Remember the 1954 movie “On the Waterfront” when Marlon Brando, riding in the back of a limousine, tells his brother Rode Steiger, I could have been a contender.”
At Horace Mann my passion was sports, especially football and I was pretty good. Against Poly Prep, one of a few games that we won, I scored two touchdowns. The game got a brief write up and I was mentioned in the New York Times—something I still have not gotten over. However, Coach Quinn, our football coach set me straight. “Parisier—you’re one step too slow.” So much for my illustrious football career—on to medicine!
It was the best of times, it was the worst of times… Dickens’ Tale of Two Cities, 1859
Medicine, in my case, otology, the specialty that treats ear diseases and restores hearing, has been my avocation and passion.
Forty-eight years ago I graduated Boston University School of Medicine. During my residency at Mt. Sinai Hospital, Arthur Aufses Jr., the 1992 Horace Mann Distinguished Alumnus Award honoree, was an important mentor. At that time, antibiotics and the control of infectious diseases were the hot things.
In 1965, Lyndon Johnson, using his political power, convinced Congress to pass the Social Security Act which created Medicare and Medicaid. His biographer Robert Caro, my classmate, the winner of two Pulitzer Prizes, received The Horace Mann Distinguished Alumni Award in 1977.
Today, the technological advances in medicine have been miraculous. Curing deafness, unplugging coronary arteries, deciphering the genome, gene therapies, imaging techniques that allow us to accurately view our inner body structures, living longer are a few examples. Truly, these are the best of times.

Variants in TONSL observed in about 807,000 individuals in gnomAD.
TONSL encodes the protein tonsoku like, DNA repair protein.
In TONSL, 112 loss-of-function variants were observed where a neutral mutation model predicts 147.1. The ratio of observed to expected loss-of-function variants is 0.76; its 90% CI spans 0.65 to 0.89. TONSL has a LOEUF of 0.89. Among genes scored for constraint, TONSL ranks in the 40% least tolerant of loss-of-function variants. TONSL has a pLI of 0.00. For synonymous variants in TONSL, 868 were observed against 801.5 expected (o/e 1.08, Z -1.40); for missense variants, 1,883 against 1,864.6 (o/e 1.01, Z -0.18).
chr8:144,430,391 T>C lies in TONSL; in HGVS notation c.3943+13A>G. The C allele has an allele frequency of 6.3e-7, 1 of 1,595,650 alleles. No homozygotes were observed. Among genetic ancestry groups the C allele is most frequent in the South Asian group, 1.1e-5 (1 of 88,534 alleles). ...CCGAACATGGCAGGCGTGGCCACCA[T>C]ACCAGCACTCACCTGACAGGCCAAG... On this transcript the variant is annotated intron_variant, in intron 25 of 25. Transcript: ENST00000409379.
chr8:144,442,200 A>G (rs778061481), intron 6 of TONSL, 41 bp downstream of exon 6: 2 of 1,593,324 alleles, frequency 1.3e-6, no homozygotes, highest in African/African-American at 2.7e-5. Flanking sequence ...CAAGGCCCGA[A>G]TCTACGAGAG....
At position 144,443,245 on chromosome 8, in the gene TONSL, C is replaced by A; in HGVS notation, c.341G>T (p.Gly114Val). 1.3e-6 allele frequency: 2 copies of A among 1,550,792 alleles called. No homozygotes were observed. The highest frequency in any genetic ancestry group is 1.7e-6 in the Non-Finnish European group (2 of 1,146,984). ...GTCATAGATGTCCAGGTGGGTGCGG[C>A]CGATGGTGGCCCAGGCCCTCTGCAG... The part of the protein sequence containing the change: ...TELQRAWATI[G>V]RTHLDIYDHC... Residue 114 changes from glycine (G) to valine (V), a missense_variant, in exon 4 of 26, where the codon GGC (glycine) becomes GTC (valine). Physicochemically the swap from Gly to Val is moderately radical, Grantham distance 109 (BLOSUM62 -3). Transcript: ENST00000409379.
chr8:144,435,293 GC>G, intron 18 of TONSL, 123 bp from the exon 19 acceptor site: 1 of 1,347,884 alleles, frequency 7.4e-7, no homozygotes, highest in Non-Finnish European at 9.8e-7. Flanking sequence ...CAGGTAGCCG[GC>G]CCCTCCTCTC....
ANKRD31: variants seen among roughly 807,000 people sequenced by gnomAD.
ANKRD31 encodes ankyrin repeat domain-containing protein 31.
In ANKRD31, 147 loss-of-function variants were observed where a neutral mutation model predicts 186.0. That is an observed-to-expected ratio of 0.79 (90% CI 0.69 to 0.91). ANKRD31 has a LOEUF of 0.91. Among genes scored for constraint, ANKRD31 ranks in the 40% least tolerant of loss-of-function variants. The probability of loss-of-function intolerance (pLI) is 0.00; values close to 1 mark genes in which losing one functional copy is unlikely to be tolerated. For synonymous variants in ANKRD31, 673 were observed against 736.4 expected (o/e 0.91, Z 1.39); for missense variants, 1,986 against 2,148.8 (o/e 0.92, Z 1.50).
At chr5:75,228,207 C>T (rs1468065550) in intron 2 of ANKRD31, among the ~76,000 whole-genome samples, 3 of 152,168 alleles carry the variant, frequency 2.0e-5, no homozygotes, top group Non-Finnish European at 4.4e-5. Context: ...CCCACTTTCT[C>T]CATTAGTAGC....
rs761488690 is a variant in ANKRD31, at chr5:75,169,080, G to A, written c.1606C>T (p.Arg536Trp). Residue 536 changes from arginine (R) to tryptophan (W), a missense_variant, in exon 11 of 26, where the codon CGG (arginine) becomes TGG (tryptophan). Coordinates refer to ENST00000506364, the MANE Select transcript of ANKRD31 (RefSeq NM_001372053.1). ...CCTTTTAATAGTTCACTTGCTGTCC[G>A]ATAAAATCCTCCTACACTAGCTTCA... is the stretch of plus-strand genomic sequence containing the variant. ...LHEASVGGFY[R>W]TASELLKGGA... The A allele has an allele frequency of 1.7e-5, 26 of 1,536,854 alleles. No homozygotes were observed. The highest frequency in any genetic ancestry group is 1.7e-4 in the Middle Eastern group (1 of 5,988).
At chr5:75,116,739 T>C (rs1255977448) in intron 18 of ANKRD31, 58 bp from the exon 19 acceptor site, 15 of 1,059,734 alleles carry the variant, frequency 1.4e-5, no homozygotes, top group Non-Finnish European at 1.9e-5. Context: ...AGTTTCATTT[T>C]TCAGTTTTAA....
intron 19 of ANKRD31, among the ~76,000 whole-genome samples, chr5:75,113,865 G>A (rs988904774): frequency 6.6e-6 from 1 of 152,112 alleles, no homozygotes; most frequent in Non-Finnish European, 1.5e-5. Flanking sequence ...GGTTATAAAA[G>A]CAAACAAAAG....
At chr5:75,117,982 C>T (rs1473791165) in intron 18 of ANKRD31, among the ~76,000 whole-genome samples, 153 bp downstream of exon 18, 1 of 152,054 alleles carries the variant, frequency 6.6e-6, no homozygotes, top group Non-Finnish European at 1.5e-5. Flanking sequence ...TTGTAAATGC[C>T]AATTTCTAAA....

However, our society’s ability to provide medical care to its citizens is problematic and lags behind these scientific advances: so these may be the worst of times
In 1964 Bob Dylan wrote "The Times they are a changing":
Come senators, congressmen
Please heed the call
Don’t stand in the doorway
Don’t block up the hall
For he that gets hurt
Will be he who has stalled
S a battle outside
And it is ragin’. It’ll soon shake your windows
And rattle your walls
For the times they are a-changin’.”
I am grateful to the many who have contributed to my success: “No man is an island entire of itself; every man is a piece of the continent, a part of the main…” John Dunn, 1624
I was privileged to graduate Horace Mann, a School that provided me with a strong educational foundation upon which I was able to build my success. Elaine, my wife for 48 years, has enriched my life and greatly contributed to my success. A graduate of Smith College, she taught high school English and edited the numerous papers I wrote. When our children were at Horace Mann, she was extremely involved, become the PA President.
In 1983, she founded the not-for-profit Children’s Hearing Institute and, working pro-bono, was the first Executive Director, During the past 26 years, the Children’s Hearing Institute has provided over $13 million dollars to support The Cochlear Implant Center at New York Eye and Ear Infirmary. Without her invaluable enthusiasm and hard work, the pioneering cochlear implant investigations that have resulted in the elimination of profound deafness would not have succeeded.
Two members of the Board whom she recruited and who have helped us succeed, Leonard Boxer and Burt Tansky, are here tonight. Thank you both for coming.
I am extremely proud of my three children who are also graduates of Horace Mann and who have succeeded in their chosen fields: David ’83, founded a successful real estate company, Paradim, is married to Rebecca Zim, a successful interior designer. Dr. Nicole Parisier Beardete ’85, a professor at the Gallatin School of NYU, is married to Ethan Benardette, a neurosurgeon. Lauren Parisier Weiss ’87, an entrepreneur, founded a skin care product company, Basq, and is married to Rick Weiss, a vice president at Goldman Sachs.
Also, my nephew Charles Stam ’08, a former Student Body President, graduated Horace Mann in 2007 and is a sophomore at Columbia College. His sister Elizabeth, a member of the Glee Club and Fencing Team, is in 10th grade.
Four of our six grandchildren were old enough to come tonight. Aaron and Ethan Parisier, Katelyn and Jason Weiss. Niki and Ethan’s two children, Chloe 4 and James 3 months old, are at home.
It is very meaningful for me to be recognized by the School that has educated my family and to whom we are so grateful. Thank you.